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Having a Ball with a Bosu Series – Back Workout
by Sárka-Jonae Miller
(The Best Years in Life) Although often labeled as one area in workouts, the back has several major muscle groups. The lats, or latissimus dorsi, compromise the largest back muscles, but there are also the rhomboids in the upper back and the muscles of the lower back and spine. A Bosu ball offers a few exercise choices for targeting the back muscles while also improving balance and core strength.
Bosu Ball Seated Cable Rows
To strengthen and tone the lats, perform cable rows seated on a Bosu ball. You'll need an exercise cable, probably of a medium “weight” to start. Exercise cables are inexpensive and highly versatile tools that can replace many of the exercises more often performed with machines or dumbbells.
Begin by folding the exercise cable in half to find the center and then wrap the middle of the cable around a fixed object like a pole. You could also loop it through a door attachment typically sold as an accessory for cables. Sit on a Bosu ball facing the cable at a comfortable distance that allows you to grip the handles with your arms straight. Sit up tall and tighten your abs. Turn your palms to face upwards if you want to target your biceps as well as your lats. Otherwise, turn palms to face each other.
Next, bend your elbows and pull your arms back. Pull your shoulders back as well as if trying to make your shoulder blades touch. Straighten your arms to complete one repetition. Adjust the distance of the Bosu ball if needed. Work up to three sets of 12 reps, switching out the cable if 12 reps doesn't fatigue your back muscles.
Bosu Ball Reverse Flyes
Reverse flyes are an effective upper back exercise usually performed with light-to-medium-weight dumbbells. They can be performed seated or standing. For the Bosu ball version, grab a pair of dumbbells and sit on the center of the Bosu ball, round side up. Bend your knees and place your feet on the floor. Bend over so your chest is on or near your thighs. Let your arms hang straight toward the floor with your palms facing inwards holding a dumbbell in each hand. You should almost be hugging your legs.
Begin by lifting your arms out to the sides and up toward the ceiling. Maintain a slight bend at the elbow. Concentrate on lifting the weight with your back muscles instead of focusing on your arms. Lower your arms to complete one reverse flye. The almost flapping motion of the arms is what gives the exercise the name flyes. Work up to three sets of 10 reps.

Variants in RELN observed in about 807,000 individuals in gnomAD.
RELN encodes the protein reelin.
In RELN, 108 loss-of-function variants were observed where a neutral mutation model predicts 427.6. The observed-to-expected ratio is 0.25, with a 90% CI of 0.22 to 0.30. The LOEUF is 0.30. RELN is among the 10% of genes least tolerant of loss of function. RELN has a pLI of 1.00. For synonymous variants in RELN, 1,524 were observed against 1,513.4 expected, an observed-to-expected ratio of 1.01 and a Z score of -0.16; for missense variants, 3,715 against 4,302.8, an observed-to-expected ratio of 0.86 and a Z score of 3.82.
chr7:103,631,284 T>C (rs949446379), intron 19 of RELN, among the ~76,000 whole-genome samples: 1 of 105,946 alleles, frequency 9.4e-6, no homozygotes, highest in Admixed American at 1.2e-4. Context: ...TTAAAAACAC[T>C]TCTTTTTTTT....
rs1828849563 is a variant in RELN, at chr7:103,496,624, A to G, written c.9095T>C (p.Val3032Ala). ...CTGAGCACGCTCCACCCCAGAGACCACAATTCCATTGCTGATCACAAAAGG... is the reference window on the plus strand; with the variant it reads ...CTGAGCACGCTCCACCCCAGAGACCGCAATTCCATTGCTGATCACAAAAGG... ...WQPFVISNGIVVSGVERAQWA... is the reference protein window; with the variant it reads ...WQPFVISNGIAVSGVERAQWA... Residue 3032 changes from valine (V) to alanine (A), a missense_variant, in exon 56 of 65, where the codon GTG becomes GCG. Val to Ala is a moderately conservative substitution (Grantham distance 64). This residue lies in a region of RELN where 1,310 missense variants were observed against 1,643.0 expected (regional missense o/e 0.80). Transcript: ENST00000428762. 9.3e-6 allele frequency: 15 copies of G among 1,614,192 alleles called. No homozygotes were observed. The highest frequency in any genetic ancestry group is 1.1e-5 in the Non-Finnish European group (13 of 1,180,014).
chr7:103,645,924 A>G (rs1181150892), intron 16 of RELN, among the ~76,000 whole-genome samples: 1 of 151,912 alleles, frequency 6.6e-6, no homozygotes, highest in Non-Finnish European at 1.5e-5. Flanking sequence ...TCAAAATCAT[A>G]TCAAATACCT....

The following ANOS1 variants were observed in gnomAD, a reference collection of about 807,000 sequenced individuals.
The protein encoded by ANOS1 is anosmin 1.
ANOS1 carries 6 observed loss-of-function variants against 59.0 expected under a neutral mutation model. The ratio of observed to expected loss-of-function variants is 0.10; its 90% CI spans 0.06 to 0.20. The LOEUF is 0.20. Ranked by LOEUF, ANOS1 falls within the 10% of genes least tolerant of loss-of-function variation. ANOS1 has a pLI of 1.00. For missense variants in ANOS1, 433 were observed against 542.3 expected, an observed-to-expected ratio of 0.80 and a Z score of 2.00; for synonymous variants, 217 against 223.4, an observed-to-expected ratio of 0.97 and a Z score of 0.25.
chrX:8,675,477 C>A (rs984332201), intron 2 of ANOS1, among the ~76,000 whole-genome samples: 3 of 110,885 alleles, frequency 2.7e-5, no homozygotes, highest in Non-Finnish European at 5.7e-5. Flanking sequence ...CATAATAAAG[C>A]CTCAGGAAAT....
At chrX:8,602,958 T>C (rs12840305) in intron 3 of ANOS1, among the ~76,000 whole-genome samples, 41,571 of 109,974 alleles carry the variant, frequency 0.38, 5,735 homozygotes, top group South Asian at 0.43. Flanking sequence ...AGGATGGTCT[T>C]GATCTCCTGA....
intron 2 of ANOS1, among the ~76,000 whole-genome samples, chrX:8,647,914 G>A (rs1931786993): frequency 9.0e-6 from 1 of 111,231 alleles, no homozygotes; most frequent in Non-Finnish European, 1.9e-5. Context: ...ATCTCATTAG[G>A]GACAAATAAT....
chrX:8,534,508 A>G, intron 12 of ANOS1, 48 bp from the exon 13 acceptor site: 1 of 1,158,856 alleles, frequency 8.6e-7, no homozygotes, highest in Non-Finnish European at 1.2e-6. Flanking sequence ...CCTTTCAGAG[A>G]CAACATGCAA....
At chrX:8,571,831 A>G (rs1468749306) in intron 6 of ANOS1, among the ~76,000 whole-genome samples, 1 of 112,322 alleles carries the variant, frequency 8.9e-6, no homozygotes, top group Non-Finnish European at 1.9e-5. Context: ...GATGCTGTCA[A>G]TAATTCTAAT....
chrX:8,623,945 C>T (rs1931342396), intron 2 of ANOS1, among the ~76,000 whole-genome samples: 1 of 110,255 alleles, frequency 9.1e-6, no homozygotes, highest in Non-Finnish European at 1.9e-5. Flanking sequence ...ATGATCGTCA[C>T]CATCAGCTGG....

Bosu Ball Supermans
Supermans on the floor are easy, at least comparatively to Bosu ball supermans. This lower-back strengthening exercise transforms into a challenging exercise for your core by moving it onto the Bosu. You might feel this in your shoulders, glutes, hamstrings, and abs in addition to your back.
Place the Bosu on the floor with the round side up. Lie face down on the Bosu with your arms extended straight in front of you. Legs are straight too. Adjust the position of your body until you are able to lift both your legs and upper body off the floor at the same time, balancing on the Bosu. This balance point will likely be under your abdomen or pelvis.
Once you've found the right position, begin lying on the Bosu and floor. Then, squeeze your glutes as you lift your upper and lower body toward the ceiling. Lower back down to complete one rep. Try only a couple of repetitions at first and slowly work up to two sets of 10. Stop immediately if your back hurts and consult a physician. Do not attempt supermans or any other exercise without being cleared by a medical professional first.
These three exercises make a complete back workout you can do once or twice a week along with other body-part specific workouts on different days. Alternatively, perform either the rows or reverse flyes as part of your full-body workouts and incorporate the supermans into your core routines. Don't forget the rest of Having a Ball With a Bosu articles for the glutes, shoulders, core, and cardio training.
About the Author
Sárka-Jonae Miller is a health and fitness expert. She began working in the fitness industry in 2000 while pursuing a BS in journalism at Syracuse University. She became certified as a personal fitness trainer and group exercise instructor in 2003. She has also received training in massage therapy. Sárka also writes fiction. She is the author of the chick lit novel, Between Boyfriends. Get more health and wellness tips on Sárka's Natural Healing Tips blog or join her on Facebook and Twitter.